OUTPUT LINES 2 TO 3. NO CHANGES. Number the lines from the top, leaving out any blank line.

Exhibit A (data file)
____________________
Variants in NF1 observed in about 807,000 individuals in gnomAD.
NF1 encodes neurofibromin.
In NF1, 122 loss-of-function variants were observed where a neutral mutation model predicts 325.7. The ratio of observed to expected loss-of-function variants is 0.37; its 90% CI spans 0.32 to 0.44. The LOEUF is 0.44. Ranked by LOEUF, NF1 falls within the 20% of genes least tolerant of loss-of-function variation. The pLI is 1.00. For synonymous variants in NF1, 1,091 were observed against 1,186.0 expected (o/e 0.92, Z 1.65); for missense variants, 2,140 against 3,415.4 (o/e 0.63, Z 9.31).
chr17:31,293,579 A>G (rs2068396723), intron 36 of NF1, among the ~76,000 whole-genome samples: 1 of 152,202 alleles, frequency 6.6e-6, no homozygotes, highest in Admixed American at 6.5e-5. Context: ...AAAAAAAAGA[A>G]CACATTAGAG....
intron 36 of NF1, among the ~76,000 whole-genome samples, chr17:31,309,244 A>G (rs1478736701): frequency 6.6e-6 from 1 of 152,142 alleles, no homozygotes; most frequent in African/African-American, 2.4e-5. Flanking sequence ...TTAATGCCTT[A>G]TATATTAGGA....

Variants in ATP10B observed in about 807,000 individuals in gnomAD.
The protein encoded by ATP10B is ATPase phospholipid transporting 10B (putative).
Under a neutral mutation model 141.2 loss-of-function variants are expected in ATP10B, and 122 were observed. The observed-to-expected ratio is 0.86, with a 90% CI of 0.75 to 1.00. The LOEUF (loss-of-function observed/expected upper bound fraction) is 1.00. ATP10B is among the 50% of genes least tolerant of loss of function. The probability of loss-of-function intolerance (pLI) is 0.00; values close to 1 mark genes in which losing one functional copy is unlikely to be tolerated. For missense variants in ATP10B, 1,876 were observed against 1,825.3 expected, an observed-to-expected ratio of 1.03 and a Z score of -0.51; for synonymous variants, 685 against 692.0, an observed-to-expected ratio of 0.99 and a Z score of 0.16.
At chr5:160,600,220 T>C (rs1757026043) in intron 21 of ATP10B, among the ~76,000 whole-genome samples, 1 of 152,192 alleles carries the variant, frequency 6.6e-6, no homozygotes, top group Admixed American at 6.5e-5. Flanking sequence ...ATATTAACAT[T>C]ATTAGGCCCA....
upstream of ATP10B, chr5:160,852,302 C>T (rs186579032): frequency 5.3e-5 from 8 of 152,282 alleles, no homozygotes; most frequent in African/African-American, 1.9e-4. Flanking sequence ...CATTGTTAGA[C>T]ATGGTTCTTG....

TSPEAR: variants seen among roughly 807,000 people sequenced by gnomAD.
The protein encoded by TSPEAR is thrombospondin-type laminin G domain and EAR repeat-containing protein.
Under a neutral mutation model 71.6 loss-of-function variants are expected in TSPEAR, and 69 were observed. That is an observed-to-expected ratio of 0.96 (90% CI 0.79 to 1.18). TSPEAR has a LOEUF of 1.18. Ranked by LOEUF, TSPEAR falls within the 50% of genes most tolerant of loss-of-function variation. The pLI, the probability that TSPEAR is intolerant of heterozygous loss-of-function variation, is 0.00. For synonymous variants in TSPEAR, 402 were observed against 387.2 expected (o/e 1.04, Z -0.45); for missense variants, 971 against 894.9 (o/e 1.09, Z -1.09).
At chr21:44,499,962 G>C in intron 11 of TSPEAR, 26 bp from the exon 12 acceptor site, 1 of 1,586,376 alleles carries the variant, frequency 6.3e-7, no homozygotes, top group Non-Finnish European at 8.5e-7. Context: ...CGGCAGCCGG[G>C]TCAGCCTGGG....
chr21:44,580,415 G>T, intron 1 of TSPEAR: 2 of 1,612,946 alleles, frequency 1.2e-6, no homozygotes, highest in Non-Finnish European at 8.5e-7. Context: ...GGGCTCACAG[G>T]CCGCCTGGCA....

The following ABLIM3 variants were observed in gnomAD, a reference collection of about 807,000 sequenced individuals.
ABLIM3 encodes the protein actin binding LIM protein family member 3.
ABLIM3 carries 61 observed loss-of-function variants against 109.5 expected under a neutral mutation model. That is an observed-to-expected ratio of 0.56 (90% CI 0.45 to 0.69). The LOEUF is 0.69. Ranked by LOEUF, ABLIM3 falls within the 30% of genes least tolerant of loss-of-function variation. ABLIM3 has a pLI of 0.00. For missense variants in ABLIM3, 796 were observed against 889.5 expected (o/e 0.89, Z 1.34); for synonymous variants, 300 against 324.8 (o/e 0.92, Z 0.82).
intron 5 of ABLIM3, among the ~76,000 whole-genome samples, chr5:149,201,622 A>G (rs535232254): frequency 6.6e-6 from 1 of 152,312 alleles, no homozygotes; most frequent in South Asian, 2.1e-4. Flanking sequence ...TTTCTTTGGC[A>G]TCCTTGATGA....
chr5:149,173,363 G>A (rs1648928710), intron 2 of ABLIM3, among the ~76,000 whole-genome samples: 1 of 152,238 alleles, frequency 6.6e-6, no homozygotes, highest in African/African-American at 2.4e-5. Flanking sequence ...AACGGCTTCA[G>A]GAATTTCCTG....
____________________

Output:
NF1 encodes neurofibromin.
In NF1, 122 loss-of-function variants were observed where a neutral mutation model predicts 325.7. The ratio of observed to expected loss-of-function variants is 0.37; its 90% CI spans 0.32 to 0.44. The LOEUF is 0.44. Ranked by LOEUF, NF1 falls within the 20% of genes least tolerant of loss-of-function variation. The pLI is 1.00. For synonymous variants in NF1, 1,091 were observed against 1,186.0 expected (o/e 0.92, Z 1.65); for missense variants, 2,140 against 3,415.4 (o/e 0.63, Z 9.31).